Selling up the content farms…

Content farms are the bane of the content creator’s existence. Other people flooding the Internet with cheap mass produced content has the same effect on the content market that any mass producing of something once good and pure has… it cheapens the experience for everybody, big companies make all the money, and then eventually something shifts in the market. It happened with beer. It happened with coffee. Now Google is stepping in to stop content farms leeching off the Internet with their search engine snake oil.

If none of this makes sense to you – then don’t worry – this infographic and accompanying post from techi.com is here to help.

An infographic explaining infographics

I post lots of infographics. I like them. They are simplicity personified (though not as simple as a good Venn Diagram). But infographics are part of the search engine optimisation strategies of some of the web’s nefarious spammers.

So here’s an explanation.

Via Urlesque.

Search Engine Optimisation for churches

ChurchCrunch is a good resource for church marketing. It’s from a network of blogs that track down resources and applications for using technology better in ministry.

They’ve got a great post about Search Engine Optimisation that you should check out, if you have any involvement in making decisions about your church website.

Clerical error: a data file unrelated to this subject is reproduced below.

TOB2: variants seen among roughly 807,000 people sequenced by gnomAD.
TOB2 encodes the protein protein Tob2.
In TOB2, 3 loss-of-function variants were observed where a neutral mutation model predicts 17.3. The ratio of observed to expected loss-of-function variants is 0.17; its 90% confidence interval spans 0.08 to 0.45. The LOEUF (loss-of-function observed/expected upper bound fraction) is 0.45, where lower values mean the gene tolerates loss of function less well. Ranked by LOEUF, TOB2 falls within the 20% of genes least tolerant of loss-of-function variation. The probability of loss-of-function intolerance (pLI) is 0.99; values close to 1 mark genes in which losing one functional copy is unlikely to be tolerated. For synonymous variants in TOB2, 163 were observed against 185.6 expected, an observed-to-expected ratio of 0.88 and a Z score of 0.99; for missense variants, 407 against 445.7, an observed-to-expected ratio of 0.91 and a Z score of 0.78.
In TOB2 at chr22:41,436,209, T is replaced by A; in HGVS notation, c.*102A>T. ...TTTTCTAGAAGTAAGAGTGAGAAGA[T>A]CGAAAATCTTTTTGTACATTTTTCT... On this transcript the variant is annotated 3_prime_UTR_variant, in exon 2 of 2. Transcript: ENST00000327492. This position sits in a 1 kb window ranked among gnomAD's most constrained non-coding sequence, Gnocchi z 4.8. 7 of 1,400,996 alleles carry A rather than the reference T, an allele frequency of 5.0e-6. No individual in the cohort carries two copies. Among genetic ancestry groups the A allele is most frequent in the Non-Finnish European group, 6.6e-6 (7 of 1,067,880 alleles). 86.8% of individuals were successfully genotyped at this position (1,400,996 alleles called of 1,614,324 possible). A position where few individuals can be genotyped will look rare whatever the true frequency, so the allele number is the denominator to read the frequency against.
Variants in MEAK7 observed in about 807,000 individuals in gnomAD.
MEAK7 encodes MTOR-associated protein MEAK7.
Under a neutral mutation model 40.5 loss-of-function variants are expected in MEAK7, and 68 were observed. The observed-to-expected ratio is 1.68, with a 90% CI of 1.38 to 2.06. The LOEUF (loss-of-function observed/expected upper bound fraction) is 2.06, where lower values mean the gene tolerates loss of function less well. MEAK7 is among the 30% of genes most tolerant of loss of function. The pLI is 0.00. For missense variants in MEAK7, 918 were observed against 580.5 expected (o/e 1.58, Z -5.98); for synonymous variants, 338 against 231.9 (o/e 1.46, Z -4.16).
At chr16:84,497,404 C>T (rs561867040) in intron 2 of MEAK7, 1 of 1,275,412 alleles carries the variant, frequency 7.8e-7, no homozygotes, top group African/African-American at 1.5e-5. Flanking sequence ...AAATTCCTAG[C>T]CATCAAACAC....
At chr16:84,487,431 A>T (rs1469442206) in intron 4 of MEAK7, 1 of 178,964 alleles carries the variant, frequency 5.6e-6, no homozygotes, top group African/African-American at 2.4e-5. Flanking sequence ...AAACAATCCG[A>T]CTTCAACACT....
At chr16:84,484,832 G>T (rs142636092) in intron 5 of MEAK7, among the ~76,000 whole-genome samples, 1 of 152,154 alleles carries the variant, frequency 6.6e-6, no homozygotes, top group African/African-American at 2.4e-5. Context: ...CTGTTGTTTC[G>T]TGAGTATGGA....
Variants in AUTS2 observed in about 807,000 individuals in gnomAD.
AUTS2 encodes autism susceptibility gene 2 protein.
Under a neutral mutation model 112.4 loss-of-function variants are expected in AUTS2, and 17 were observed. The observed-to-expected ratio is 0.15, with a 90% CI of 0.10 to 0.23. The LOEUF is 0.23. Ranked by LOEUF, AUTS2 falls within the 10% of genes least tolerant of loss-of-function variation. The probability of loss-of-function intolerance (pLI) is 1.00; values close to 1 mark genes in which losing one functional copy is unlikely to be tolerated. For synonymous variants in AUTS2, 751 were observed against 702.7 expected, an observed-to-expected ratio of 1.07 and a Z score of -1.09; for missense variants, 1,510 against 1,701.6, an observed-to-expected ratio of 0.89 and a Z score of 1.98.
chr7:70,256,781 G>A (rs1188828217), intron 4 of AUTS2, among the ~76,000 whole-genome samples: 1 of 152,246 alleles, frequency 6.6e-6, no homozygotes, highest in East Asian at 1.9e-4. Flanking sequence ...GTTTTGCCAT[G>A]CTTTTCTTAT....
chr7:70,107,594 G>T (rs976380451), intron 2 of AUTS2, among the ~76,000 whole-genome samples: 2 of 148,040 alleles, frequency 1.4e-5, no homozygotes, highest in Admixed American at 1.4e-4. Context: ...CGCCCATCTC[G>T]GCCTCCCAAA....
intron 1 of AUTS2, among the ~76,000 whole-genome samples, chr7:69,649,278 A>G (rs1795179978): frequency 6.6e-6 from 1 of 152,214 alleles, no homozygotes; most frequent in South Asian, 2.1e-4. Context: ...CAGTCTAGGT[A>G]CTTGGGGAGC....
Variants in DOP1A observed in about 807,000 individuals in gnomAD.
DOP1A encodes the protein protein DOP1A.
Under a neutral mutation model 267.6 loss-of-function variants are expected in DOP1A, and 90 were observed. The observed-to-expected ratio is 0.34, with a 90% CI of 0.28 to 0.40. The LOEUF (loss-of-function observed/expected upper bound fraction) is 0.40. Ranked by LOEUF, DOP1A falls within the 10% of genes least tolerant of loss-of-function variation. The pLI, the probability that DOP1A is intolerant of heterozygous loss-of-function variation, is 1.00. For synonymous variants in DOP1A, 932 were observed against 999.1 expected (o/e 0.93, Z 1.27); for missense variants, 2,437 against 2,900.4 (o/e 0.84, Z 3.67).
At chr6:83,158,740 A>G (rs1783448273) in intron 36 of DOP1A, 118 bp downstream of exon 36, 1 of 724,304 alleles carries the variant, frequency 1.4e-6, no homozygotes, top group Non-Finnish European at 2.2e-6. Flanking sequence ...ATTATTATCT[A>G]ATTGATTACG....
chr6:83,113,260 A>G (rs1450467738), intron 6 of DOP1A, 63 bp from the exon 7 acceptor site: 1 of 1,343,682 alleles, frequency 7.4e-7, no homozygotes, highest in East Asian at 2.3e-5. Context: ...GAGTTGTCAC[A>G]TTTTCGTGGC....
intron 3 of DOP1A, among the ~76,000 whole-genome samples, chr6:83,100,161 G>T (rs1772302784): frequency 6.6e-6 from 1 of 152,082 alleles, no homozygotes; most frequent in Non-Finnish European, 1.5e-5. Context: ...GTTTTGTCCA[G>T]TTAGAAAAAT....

Here are the “ten myths” – read the original post for more details.

  1. The better your content, the better your ranking.
  2. Church Domain names with dashes are good for rankings.
  3. Clicking on your search engine results is somehow magical.
  4. You should have huge keyword density on your homepage.
  5. Your homepage is more important than your subpages.
  6. You should pay to be listed on site indexes.
  7. Don’t have a search box.
  8. Leaving old pages up is good.
  9. Search Engine Optimisation is a flick you switch and then ignore.
  10. Social Media helps

Some good advice here – my advice, mostly, is that anyone selling “SEO expertise” is probably a charlatan. And if it sounds dodgy (like hide links in white text in your design that search engines can read but other people can’t) – then Google is probably working pretty hard to stamp the practice out.